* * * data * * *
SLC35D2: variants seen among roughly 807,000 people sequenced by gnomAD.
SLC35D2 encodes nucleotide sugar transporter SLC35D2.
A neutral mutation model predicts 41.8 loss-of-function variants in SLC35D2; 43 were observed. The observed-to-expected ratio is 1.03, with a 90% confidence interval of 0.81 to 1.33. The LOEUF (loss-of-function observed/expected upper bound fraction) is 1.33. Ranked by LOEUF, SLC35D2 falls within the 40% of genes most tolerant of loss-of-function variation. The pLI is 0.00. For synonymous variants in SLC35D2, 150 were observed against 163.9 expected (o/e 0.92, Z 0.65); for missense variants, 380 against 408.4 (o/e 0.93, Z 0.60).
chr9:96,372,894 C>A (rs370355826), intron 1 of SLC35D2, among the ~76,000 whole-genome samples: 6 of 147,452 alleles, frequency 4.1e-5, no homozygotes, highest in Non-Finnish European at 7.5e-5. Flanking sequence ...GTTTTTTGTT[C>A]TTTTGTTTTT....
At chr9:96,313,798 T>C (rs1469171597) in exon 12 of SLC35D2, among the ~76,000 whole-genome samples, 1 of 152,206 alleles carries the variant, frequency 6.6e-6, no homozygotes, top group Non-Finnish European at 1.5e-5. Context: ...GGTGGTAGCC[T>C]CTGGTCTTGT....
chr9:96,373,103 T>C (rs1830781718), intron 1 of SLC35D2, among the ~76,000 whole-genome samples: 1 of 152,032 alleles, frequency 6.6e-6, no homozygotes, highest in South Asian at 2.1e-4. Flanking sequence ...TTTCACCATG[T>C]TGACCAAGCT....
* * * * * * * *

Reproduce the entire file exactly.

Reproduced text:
SLC35D2: variants seen among roughly 807,000 people sequenced by gnomAD.
SLC35D2 encodes nucleotide sugar transporter SLC35D2.
A neutral mutation model predicts 41.8 loss-of-function variants in SLC35D2; 43 were observed. The observed-to-expected ratio is 1.03, with a 90% confidence interval of 0.81 to 1.33. The LOEUF (loss-of-function observed/expected upper bound fraction) is 1.33. Ranked by LOEUF, SLC35D2 falls within the 40% of genes most tolerant of loss-of-function variation. The pLI is 0.00. For synonymous variants in SLC35D2, 150 were observed against 163.9 expected (o/e 0.92, Z 0.65); for missense variants, 380 against 408.4 (o/e 0.93, Z 0.60).
chr9:96,372,894 C>A (rs370355826), intron 1 of SLC35D2, among the ~76,000 whole-genome samples: 6 of 147,452 alleles, frequency 4.1e-5, no homozygotes, highest in Non-Finnish European at 7.5e-5. Flanking sequence ...GTTTTTTGTT[C>A]TTTTGTTTTT....
At chr9:96,313,798 T>C (rs1469171597) in exon 12 of SLC35D2, among the ~76,000 whole-genome samples, 1 of 152,206 alleles carries the variant, frequency 6.6e-6, no homozygotes, top group Non-Finnish European at 1.5e-5. Context: ...GGTGGTAGCC[T>C]CTGGTCTTGT....
chr9:96,373,103 T>C (rs1830781718), intron 1 of SLC35D2, among the ~76,000 whole-genome samples: 1 of 152,032 alleles, frequency 6.6e-6, no homozygotes, highest in South Asian at 2.1e-4. Flanking sequence ...TTTCACCATG[T>C]TGACCAAGCT....